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Adam Schwartz, a senior lawyer at the Electronic Frontier Foundation (EFF). explains how the government spies on people using a powerful phone surveillance tool built by AT&T called Hemisphere.
Every day AT&T stores billions of call records and sells the information to Sheriff’s and police departments around the country who each pay upward of $1 million a year for the communications metadata.
In his article AT&T Requires Police to Hide Hemisphere Phone Spying Schwartz says law enforcement officials kept Hemisphere “under the radar” for many years—hidden from courts, legislators, and the general public—until the New York Times exposed the program in 2013.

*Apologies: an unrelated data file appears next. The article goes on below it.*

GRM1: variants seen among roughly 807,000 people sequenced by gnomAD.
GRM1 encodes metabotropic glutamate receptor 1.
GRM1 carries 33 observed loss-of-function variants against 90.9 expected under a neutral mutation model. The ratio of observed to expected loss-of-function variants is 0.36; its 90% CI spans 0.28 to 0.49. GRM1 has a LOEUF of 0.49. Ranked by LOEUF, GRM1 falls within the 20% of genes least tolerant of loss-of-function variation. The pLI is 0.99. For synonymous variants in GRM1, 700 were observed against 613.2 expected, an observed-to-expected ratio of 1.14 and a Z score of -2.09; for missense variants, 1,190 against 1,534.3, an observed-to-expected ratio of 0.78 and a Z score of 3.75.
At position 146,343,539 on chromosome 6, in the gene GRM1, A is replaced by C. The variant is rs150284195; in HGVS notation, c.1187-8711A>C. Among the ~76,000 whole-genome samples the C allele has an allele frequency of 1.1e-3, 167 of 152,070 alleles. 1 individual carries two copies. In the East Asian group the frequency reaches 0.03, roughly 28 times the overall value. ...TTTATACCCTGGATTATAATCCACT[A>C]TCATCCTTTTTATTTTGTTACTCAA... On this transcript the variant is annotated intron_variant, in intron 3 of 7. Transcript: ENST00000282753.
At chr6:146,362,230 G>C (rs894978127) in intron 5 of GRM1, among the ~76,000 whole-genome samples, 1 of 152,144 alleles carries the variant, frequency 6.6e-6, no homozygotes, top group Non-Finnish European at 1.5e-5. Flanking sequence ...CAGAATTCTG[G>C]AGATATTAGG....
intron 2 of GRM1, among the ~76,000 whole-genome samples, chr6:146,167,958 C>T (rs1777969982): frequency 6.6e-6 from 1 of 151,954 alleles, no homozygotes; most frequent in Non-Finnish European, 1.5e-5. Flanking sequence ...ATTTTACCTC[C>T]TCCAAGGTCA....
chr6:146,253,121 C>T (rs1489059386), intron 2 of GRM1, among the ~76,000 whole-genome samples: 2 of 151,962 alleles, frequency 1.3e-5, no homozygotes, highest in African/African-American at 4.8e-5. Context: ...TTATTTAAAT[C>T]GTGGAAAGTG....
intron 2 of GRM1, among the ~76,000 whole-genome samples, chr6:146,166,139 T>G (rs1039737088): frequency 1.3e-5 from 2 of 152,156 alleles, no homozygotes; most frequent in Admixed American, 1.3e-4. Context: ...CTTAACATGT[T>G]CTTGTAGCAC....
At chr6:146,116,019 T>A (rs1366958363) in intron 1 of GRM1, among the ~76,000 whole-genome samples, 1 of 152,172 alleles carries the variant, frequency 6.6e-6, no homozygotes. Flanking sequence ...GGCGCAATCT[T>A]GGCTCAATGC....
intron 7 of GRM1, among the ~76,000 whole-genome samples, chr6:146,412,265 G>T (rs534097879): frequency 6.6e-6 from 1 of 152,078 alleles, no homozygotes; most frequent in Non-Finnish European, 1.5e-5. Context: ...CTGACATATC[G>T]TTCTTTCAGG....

Democracy Now interviews Adam Schwartz:
New details are emerging about how AT&T has been spying on Americans for profit with a secret plan called Project Hemisphere.
The Daily Beast reports AT&T is keeping private call records and selling the information to authorities investigating everything from the war on drugs to Medicaid fraud.
AT&T reportedly has been retaining every call, text message, Skype chat or other communication that has passed through its infrastructure. Some of the records date back to 1987.